Need a lawyer and don't know where to start? The Utah State Bar has a new service that just might help.

The bar recently launched an online search program that can help people find attorneys that fit unique needs, such as someone who speaks a language other than English or someone who is geographically close to the individual.

The service is found on the Utah State Bar Web site, titled, or can be accessed through the overall Web address for the organization, which is

The site is intended to be simple and user-friendly, and it employs four search methods: a question and answer format; a county search map; an advanced search form; and searches by ZIP code.

"The directory provides individuals in need of legal assistance a simple-to-use online listing of each participating lawyer's name, address, admission date, law school and telephone number within specific geographic areas and practice types as identified by search criteria," said Nate Alder, president of the Utah State Bar.

To date, there are 637 Utah lawyers taking part in the program and 21 languages are covered, including Tamil, Punjabi, Arabic, American Sign Language and Tagalog.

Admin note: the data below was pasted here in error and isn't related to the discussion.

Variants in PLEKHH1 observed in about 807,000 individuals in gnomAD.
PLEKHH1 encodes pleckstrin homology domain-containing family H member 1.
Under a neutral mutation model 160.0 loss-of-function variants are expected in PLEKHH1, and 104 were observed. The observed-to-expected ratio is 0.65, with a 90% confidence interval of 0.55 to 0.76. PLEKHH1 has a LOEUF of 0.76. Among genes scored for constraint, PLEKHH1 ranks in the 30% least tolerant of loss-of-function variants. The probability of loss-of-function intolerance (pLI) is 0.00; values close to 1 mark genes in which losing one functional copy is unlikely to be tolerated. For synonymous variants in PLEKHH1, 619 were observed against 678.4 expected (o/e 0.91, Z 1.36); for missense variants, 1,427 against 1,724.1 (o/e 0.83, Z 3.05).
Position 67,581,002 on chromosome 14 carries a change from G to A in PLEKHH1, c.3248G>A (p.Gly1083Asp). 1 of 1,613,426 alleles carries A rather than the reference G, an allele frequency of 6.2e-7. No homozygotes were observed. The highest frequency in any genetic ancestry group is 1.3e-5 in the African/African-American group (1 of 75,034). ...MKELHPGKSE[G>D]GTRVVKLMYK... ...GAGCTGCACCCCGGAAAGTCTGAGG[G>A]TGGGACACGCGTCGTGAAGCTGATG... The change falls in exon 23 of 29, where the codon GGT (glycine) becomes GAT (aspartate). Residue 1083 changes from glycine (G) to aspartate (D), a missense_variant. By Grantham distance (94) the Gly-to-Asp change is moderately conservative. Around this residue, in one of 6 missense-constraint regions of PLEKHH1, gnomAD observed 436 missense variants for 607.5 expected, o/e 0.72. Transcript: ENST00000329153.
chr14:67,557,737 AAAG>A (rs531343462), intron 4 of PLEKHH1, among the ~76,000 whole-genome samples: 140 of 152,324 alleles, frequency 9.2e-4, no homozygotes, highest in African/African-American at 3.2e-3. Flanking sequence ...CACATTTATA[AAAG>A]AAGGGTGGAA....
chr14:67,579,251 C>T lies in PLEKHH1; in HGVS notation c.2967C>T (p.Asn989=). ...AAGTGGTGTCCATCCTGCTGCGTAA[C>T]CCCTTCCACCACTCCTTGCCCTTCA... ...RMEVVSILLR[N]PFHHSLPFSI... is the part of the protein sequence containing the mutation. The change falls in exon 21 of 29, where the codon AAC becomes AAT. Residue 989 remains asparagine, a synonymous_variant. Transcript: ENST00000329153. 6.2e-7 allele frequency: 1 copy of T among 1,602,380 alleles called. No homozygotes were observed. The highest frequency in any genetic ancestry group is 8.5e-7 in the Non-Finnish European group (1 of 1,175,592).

The advanced search provides information about how many years a particular attorney has been in practice, the location where that person practices and languages spoken.

Alder is especially pleased the site includes a page for "Frequently Asked Questions About Attorneys & Legal Services." It includes information about what a lawyer's duties are, things to keep in mind before hiring someone, how to anticipate and keep costs down, and what to expect from a lawyer.

Alder said in recent years, the bar has tried to find ways to help working people learn more about hiring a lawyer, which for some people might be a once in a lifetime occurrence.

"It's not like going to the doctor," Alder said. "We fully understand there are basic questions that people have, and it's not a routine process or an easy process."

Alder said most of the complaints the bar hears about are from working people who have run into difficulty accessing information, aren't sure about the process and who may have had trouble affording a lawyer.

Often, low-income people qualify for legal assistance, and big businesses frequently have directories and information networks regarding legal services, but the average person who has never hired an attorney might be at a loss if the need for legal help arises.

"We're trying to bridge that gap," Alder said. "Access to justice is an important issue for us as a legal profession, and we're hopeful this online tool will help people who need legal services find lawyers."

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